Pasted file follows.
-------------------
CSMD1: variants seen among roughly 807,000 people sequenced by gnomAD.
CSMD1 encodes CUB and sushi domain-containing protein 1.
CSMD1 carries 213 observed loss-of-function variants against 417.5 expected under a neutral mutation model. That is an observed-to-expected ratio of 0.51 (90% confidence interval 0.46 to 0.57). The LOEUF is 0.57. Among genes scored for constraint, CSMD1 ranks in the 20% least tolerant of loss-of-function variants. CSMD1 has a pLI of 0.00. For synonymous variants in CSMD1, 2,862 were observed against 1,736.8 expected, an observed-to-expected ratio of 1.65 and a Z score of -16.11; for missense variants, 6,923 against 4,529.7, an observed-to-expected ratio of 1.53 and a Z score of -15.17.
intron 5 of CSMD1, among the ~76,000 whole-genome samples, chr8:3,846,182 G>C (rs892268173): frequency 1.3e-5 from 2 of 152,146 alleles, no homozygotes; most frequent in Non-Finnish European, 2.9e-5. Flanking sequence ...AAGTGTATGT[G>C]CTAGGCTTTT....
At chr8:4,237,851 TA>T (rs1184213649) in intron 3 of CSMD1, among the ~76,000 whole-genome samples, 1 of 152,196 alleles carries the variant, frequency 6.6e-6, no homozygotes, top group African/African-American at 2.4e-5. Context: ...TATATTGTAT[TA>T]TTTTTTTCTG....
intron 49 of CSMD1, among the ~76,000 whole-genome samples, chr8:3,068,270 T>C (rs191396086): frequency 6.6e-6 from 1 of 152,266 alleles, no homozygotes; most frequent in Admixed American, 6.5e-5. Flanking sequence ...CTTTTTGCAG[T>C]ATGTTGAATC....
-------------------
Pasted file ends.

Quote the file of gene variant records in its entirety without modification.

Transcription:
CSMD1: variants seen among roughly 807,000 people sequenced by gnomAD.
CSMD1 encodes CUB and sushi domain-containing protein 1.
CSMD1 carries 213 observed loss-of-function variants against 417.5 expected under a neutral mutation model. That is an observed-to-expected ratio of 0.51 (90% confidence interval 0.46 to 0.57). The LOEUF is 0.57. Among genes scored for constraint, CSMD1 ranks in the 20% least tolerant of loss-of-function variants. CSMD1 has a pLI of 0.00. For synonymous variants in CSMD1, 2,862 were observed against 1,736.8 expected, an observed-to-expected ratio of 1.65 and a Z score of -16.11; for missense variants, 6,923 against 4,529.7, an observed-to-expected ratio of 1.53 and a Z score of -15.17.
intron 5 of CSMD1, among the ~76,000 whole-genome samples, chr8:3,846,182 G>C (rs892268173): frequency 1.3e-5 from 2 of 152,146 alleles, no homozygotes; most frequent in Non-Finnish European, 2.9e-5. Flanking sequence ...AAGTGTATGT[G>C]CTAGGCTTTT....
At chr8:4,237,851 TA>T (rs1184213649) in intron 3 of CSMD1, among the ~76,000 whole-genome samples, 1 of 152,196 alleles carries the variant, frequency 6.6e-6, no homozygotes, top group African/African-American at 2.4e-5. Context: ...TATATTGTAT[TA>T]TTTTTTTCTG....
intron 49 of CSMD1, among the ~76,000 whole-genome samples, chr8:3,068,270 T>C (rs191396086): frequency 6.6e-6 from 1 of 152,266 alleles, no homozygotes; most frequent in Admixed American, 6.5e-5. Flanking sequence ...CTTTTTGCAG[T>C]ATGTTGAATC....